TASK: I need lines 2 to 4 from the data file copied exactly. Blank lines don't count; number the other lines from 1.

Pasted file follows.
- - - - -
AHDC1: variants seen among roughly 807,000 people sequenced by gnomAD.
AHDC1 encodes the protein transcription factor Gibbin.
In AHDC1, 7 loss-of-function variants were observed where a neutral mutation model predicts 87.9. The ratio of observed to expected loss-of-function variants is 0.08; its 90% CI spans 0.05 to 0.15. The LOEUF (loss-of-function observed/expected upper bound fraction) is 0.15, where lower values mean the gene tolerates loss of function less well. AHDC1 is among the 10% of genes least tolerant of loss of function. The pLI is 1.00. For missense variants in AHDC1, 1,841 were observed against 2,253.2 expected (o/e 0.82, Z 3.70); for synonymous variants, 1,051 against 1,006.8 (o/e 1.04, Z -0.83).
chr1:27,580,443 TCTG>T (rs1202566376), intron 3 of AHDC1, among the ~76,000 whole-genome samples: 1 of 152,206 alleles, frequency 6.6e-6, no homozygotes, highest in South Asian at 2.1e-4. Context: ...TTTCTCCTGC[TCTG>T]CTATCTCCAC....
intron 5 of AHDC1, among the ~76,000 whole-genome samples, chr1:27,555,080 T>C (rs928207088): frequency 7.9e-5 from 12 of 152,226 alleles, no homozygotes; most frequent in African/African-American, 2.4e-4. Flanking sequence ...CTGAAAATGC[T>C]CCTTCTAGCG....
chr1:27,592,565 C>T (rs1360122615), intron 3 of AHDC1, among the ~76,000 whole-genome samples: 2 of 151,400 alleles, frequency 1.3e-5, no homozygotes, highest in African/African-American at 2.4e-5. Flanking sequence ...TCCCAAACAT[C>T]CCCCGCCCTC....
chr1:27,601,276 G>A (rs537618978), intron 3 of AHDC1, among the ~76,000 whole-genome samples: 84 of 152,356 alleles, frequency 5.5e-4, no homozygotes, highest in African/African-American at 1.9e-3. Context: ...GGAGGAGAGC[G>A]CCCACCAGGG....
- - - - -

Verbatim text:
AHDC1 encodes the protein transcription factor Gibbin.
In AHDC1, 7 loss-of-function variants were observed where a neutral mutation model predicts 87.9. The ratio of observed to expected loss-of-function variants is 0.08; its 90% CI spans 0.05 to 0.15. The LOEUF (loss-of-function observed/expected upper bound fraction) is 0.15, where lower values mean the gene tolerates loss of function less well. AHDC1 is among the 10% of genes least tolerant of loss of function. The pLI is 1.00. For missense variants in AHDC1, 1,841 were observed against 2,253.2 expected (o/e 0.82, Z 3.70); for synonymous variants, 1,051 against 1,006.8 (o/e 1.04, Z -0.83).
chr1:27,580,443 TCTG>T (rs1202566376), intron 3 of AHDC1, among the ~76,000 whole-genome samples: 1 of 152,206 alleles, frequency 6.6e-6, no homozygotes, highest in South Asian at 2.1e-4. Context: ...TTTCTCCTGC[TCTG>T]CTATCTCCAC....